Undoubtedly, India is one country which is in the dire need for a data protection framework. With the Committee of Experts chaired by Justice BN Srikrishna publishing the White Paper on Data Protection Framework for India (herein referred as the White Paper) in December 2017, the wheels have been indeed set in motion. And with the introduction of the draft bill of DISHA, we are surely headed in the right direction.
On March 21, 2018, e-Health Section of Ministry of Health & Family Welfare, Government of India published a draft bill on Digital Information Security in Healthcare Act and has invited the general public as well as the stakeholders to send their comments by April 21, 2018. We have summarized our comments in the bullet-points given below. (Later on, we will also be publishing a white paper discussing DISHA in detail).
- Related to the notion of identifiability, the White Paper has discussed pseudonymisation and anonymisation in Chapter 3 of Part II. DISHA, on the other hand, discusses anonymisation and de-dentification under sub-section (a) and (d) of Section 3 respectively. Considering that the concepts of pseudonymisation and de-identification are same, the definition of pseudonymisation can be included in Section 3(d) in place of de-identification to bring the coherency with the proposed data protection framework.
- In Chapter 1 of Part III of the White Paper, failure of consent has been discussed. Although DISHA has included the concept of proxy consent, there is no specific provision dealing with the failure to secure consent.
- As defined in Section(1)(j) of DISHA, the definition of an owner includes an individual whose data has been generated and processed under this act. To bring this definition at par with EU-GDPR and the White Paper, the scope of definition can be expanded by using the words stored and transmitted or as may be deemed fit. As per our observation, the existing proposition is not sufficient.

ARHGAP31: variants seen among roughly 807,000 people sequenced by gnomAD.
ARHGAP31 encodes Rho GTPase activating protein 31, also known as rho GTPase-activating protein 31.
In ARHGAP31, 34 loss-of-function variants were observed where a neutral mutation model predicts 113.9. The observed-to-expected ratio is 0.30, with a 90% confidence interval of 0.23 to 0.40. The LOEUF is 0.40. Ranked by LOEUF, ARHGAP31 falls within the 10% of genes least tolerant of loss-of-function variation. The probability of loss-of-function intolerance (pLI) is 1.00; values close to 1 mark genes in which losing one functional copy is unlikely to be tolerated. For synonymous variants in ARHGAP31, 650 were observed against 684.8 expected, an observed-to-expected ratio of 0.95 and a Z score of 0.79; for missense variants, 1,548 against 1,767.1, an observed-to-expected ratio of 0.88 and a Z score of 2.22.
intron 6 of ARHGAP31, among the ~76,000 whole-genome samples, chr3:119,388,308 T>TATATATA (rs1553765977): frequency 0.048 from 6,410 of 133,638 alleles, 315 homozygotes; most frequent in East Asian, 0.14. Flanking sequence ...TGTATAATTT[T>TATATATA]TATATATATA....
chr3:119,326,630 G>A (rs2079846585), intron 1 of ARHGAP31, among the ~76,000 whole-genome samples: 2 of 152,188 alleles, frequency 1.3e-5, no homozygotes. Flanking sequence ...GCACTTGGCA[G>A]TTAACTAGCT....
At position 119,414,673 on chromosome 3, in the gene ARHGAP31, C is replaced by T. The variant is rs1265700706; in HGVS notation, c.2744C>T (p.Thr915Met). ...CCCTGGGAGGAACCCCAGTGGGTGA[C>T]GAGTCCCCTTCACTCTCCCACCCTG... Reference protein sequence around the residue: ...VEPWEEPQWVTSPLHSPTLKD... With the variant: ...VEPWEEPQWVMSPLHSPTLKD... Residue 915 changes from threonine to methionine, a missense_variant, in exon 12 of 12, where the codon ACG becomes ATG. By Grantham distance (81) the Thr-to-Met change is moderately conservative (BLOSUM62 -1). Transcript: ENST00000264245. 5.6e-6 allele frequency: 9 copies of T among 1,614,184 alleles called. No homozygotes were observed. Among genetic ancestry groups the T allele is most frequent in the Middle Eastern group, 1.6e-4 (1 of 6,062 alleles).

- As defined in Section 3(1)(m) of DISHA, the definition of a relative gives priority to an owner’s siblings or owner’s spouse’s siblings before the owner’s children. An additional sub-clause can be added after/before Section 3(1)(m)(ii): Parents of the owner so that the children of an owner get a higher priority.
- The scope of the definition of data security given under Section 3(1)(n) of DISHA can be further extended by adding following words after “information in confidence” – “along with preventing unauthorized access, use, disclosure, disruption, modification, or destruction.”
- Article 13 of EU-GDPR prescribes the information to be provided when personal data of an individual is collected. Same has been given under Section 30(2) of DISHA as it lays down the procedure for collecting the digital health data of an owner. However, Article 13 makes it mandatory to provide the information about the supervisory authority and the period for which the personal data of a data subject will be stored. One the similar lines, two sub-clauses under Section 30(2) can be added for providing information about the concerned State eHealth Authority (SeHA) and the period for which the digital health data of an owner will be stored.
- An additional duty can be prescribed for the clinical establishments collecting the digital health data of minors. It shall be the duty of clinical establishments to verify that the consent of a minor has been lawfully provided by his guardian.
- Section 38(3) classifies repeated data breaches by a clinical establishment or a health information exchange as a serious breach. However, there is no provision under either Section 37 or Section 38 dealing with a single incident of a data breach by a clinical establishment or a health information exchange. As per our suggestion, Section 37 should penalise entities and other healthcare establishments as in Section 38 for an incident of a normal breach as well.
- Section 41 of DISHA only talks about the situation when one obtains the digital health data of an owner when he is not authorized to under the provisions of DISHA. In addition, the act of sharing information with a person or a party not authorized under the provisions of DISHA should also be criminalized. Although it might be a logical deduction, it would make more legal sense to explicitly mention the aforesaid.